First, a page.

Put another way, the top 10 countries--all but Mexico, the Dominican Republic and Jamaica located in Central and South America--accounted for 97 percent of the foreigners removed.

By email, Vaughan said her search of an ICE database covering 2013 yielded "a handful of cases of aliens who had been arrested by the Border Patrol who were citizens of countries linked to terrorism and had crossed the border illegally from Mexico recently.  There were 2 from Nigeria, 3 from Pakistan, 1 from Egypt, 1 from Morocco and 1 from Afghanistan," she wrote. "All were between the ages of 26 and 50."

Generally, Vaughan said, "some" border crossers detained by the Border Patrol originated in terrorist states. By phone, she said the majority of OTM apprehensions have long involved people from Central America.

Also to our inquiry, Douglas Massey, a Princeton University professor expert on immigration, questioned Perry’s claim, emailing us charts he made indicating that over the past decade, apprehensions of individuals from non-terrorist states have far outnumbered individuals from terrorist-linked nations. See Massey’s charts here.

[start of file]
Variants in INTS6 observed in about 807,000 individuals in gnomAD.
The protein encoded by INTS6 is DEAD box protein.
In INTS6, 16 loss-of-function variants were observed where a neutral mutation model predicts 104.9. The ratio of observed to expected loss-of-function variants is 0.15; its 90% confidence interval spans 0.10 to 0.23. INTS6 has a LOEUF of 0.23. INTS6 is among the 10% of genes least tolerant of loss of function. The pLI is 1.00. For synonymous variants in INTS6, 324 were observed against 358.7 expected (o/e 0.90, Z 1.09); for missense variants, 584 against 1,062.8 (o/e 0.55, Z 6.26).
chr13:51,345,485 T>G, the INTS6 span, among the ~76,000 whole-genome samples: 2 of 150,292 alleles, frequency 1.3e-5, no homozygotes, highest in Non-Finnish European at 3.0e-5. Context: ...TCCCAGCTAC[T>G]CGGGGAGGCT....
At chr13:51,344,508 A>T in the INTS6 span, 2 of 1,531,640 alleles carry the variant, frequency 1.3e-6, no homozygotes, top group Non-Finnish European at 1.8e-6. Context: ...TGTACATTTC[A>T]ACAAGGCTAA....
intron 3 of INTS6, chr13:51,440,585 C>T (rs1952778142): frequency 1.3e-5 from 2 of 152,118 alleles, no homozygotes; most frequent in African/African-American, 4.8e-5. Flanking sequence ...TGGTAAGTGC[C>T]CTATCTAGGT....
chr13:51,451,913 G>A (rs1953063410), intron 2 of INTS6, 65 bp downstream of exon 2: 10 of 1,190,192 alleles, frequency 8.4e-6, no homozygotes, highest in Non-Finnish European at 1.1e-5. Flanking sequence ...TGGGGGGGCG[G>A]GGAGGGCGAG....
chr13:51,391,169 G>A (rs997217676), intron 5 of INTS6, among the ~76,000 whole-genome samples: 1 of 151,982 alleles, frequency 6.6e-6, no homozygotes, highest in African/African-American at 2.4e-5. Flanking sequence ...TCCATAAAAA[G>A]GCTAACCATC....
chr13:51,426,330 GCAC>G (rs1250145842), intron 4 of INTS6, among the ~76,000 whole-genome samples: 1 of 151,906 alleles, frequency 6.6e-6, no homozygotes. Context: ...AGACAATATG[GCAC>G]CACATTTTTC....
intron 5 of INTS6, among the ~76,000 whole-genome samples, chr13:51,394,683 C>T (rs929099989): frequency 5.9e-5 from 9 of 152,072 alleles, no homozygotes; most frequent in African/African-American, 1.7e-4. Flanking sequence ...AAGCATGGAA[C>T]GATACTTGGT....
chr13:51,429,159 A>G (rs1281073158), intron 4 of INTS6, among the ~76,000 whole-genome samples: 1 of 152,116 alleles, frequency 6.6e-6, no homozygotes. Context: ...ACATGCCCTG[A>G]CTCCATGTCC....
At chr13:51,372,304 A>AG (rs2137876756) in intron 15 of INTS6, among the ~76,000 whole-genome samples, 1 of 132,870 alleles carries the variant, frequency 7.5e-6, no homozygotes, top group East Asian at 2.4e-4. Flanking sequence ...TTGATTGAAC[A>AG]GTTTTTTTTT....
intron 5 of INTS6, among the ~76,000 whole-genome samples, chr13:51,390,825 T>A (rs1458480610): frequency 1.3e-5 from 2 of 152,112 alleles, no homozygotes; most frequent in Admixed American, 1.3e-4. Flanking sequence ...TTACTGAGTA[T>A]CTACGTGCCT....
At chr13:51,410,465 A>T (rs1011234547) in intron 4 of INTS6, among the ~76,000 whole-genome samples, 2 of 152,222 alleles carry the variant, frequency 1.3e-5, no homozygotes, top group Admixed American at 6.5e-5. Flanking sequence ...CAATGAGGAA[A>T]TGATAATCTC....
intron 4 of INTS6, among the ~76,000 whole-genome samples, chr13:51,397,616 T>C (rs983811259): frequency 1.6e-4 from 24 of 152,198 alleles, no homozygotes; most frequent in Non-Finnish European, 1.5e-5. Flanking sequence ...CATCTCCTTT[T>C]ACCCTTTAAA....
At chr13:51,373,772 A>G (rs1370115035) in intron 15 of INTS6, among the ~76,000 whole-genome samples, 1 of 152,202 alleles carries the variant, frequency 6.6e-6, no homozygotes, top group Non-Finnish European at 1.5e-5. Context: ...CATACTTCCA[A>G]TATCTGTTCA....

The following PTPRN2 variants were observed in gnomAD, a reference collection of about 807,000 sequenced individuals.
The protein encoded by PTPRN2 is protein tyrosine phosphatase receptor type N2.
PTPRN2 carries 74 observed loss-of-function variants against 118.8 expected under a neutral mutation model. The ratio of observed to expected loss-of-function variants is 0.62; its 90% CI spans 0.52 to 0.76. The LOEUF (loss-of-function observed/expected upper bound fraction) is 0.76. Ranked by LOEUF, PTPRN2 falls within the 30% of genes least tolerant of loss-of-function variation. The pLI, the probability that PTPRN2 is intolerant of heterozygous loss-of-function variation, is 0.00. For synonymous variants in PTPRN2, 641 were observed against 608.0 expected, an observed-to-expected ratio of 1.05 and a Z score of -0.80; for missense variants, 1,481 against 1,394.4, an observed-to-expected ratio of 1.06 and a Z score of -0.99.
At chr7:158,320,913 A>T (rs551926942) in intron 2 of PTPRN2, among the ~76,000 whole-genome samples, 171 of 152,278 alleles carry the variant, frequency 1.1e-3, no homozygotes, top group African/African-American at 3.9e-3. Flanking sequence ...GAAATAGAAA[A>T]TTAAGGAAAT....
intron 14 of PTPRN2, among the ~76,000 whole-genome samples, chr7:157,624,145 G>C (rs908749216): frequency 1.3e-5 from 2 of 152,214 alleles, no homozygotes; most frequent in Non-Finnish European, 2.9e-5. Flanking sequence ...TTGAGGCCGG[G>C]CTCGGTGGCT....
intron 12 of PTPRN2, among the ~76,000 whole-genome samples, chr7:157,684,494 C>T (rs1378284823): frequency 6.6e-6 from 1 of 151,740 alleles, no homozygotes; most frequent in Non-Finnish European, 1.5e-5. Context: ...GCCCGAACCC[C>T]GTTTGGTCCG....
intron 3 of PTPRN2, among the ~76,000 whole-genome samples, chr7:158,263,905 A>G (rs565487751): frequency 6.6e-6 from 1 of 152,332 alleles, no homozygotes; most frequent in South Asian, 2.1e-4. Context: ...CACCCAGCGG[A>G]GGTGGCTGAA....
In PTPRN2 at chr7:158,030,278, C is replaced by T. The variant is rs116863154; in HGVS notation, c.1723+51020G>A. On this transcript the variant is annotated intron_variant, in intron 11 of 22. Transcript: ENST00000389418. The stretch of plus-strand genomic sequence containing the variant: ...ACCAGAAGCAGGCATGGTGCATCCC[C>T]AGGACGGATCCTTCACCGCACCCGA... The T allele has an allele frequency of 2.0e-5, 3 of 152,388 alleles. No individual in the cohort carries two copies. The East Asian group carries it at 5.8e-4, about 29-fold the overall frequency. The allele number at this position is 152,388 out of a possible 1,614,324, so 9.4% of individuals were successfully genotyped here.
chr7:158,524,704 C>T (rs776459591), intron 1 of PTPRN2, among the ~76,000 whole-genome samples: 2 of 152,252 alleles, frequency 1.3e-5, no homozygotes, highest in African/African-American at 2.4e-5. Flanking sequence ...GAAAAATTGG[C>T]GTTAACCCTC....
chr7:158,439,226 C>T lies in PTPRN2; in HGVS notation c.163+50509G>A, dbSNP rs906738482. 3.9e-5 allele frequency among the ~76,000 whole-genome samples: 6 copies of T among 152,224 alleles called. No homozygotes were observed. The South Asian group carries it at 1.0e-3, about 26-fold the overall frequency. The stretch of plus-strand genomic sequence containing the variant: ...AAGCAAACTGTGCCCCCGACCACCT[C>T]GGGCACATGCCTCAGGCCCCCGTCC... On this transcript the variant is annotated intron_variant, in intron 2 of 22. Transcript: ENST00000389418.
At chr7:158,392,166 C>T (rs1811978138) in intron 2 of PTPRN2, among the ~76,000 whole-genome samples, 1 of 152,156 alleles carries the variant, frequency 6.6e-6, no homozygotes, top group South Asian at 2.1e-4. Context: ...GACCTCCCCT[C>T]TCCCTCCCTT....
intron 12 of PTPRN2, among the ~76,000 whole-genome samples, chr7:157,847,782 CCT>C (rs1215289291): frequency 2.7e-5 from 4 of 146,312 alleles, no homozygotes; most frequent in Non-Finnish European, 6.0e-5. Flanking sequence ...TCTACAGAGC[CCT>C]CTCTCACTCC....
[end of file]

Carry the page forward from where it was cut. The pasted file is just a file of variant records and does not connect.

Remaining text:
"Apprehensions of nationals from potential terrorist nations are not increasing," Massey said.

Our ruling

Speaking of a flood of immigrants from countries other than Mexico being apprehended at the U.S-Mexico border, Perry said, "These are people that are coming from states like Syria that have substantial connections back to terrorist regimes and terrorist operations."

The latest available data show that less than 5 percent of "other than Mexican" apprehensions in the last two completed federal fiscal years involved people from U.S.-designated terrorist states or safe havens. Perry, in contrast, placed all such people being apprehended by U.S. border officials into that category, a conclusion neither the governor or the agency described as his source backed up with evidence.

We rate this claim as Pants on Fire!


PANTS ON FIRE – The statement is not accurate and makes a ridiculous claim.

Click here for more on the six PolitiFact ratings and how we select facts to check.